Double Take

Movie review by
Nell Minow, Common Sense Media
Double Take Movie Poster Image
Violent waste of talent.
  • PG-13
  • 2001
  • 88 minutes

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A lot or a little?

The parents' guide to what's in this movie.


Shoot-outs, characters in peril.


Models in lingerie, sexual bantering.


Frequent strong language.

Drinking, Drugs & Smoking

Characters deal in drugs.

What parents need to know

Parents need to know that this movie has a lot of violence, including shoot-outs. Characters use a lot of strong language, including the "N" word. One character gives the finger.

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What's the story?

Orlando Jones plays Daryl Chase, a highly successful investment banker with a supermodel girlfriend. Chase is framed for murder and has to get to Mexico, where he will be under the protection of a CIA agent who knows he is innocent. In order to disguise himself, he switches clothes with a street hustler named Freddy Tiffany (Eddie Griffin). They take a train out of town, but when the bad guys come after them, they have to figure out another way to travel.

Is it any good?

This movie wastes a wonderful idea. Usually, the worst thing about a movie like this is the waste of talent; yes, DOUBLE TAKE wastes the talent of Orlando Jones (who was terrific in The Replacements) and Eddie Griffin and especially the wonderful Vivica A. Fox. This could have been the movie that Bamboozled could not be, a satiric swipe at the way that black men, both upper-class and street, are seen by American society -- and each other. What humor there is comes from Chase having to "act black." After one high-jiving performance, Tiffany asks, "What's the last movie you seen, 'Car Wash?'" Chase shows that he has "kept it real" on some level by out-dancing and out-foxing Tiffany. But no effort is made to take on the real underlying issues, with the possible exception of Tiffany's comment when he is frisked by policemen: "Do I look like Puff Daddy?" and his point to Chase that "It wasn't the brother in the suit but the suit on the brother that got you your so-called respect."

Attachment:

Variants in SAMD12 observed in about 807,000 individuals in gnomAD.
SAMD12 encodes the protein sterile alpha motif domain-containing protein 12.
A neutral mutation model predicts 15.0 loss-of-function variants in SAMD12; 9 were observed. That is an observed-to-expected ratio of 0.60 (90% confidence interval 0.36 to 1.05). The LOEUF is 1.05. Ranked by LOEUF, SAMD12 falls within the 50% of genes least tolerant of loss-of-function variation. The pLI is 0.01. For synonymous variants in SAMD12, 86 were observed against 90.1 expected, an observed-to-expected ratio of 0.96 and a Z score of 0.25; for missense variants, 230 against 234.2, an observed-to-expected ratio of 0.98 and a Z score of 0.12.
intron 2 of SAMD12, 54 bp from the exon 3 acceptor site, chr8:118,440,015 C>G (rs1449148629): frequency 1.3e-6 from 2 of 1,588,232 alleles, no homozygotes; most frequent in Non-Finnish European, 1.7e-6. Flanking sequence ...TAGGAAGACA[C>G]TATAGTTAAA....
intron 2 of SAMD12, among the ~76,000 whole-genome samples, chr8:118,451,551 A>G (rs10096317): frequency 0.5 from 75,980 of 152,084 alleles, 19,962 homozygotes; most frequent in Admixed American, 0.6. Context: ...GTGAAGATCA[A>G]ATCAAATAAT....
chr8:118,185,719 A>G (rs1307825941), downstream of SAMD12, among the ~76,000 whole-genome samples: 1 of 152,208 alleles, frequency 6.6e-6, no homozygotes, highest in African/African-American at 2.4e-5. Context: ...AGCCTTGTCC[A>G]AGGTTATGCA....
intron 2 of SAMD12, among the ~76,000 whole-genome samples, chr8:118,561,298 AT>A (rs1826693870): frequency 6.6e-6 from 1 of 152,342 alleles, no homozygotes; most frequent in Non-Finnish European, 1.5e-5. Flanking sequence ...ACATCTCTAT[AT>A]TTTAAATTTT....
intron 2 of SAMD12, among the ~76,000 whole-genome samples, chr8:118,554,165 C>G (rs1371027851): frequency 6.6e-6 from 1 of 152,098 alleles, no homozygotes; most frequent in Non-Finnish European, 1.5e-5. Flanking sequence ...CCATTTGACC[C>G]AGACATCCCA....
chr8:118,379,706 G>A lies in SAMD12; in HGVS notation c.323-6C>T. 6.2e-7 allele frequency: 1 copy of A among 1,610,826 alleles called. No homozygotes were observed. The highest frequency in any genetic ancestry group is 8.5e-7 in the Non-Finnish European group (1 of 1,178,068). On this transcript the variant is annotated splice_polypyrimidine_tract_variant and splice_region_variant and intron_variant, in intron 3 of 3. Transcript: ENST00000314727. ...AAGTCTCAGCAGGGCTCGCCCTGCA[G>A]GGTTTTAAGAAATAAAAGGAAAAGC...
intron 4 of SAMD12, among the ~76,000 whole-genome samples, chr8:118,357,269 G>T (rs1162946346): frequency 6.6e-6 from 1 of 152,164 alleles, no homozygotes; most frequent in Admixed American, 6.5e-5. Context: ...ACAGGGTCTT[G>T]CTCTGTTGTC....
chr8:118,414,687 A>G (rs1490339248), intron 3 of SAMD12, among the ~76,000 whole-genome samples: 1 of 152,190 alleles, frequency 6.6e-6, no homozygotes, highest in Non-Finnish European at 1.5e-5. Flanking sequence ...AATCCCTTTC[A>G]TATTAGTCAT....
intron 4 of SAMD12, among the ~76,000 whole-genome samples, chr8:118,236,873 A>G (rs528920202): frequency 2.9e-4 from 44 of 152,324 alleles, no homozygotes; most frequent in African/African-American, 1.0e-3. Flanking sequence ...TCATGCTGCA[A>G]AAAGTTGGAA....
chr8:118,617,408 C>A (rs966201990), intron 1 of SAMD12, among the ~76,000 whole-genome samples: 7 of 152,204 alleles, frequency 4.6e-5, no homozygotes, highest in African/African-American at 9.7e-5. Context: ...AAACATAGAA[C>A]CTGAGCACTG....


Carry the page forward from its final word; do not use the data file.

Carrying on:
The jokes are tired and so is the plot, with the least surprising twists and turns we are likely to see this year. We guess way ahead of the characters who will turn out to be a good guy and who won't. It's a terrible waste of the actors. It's even a waste of the film.

Talk to your kids about ...

  • Families can talk about how we jump to conclusions based on someone's dress or speech and what the movie can and could tell us about the way blacks are perceived by whites and by each other.

Movie details

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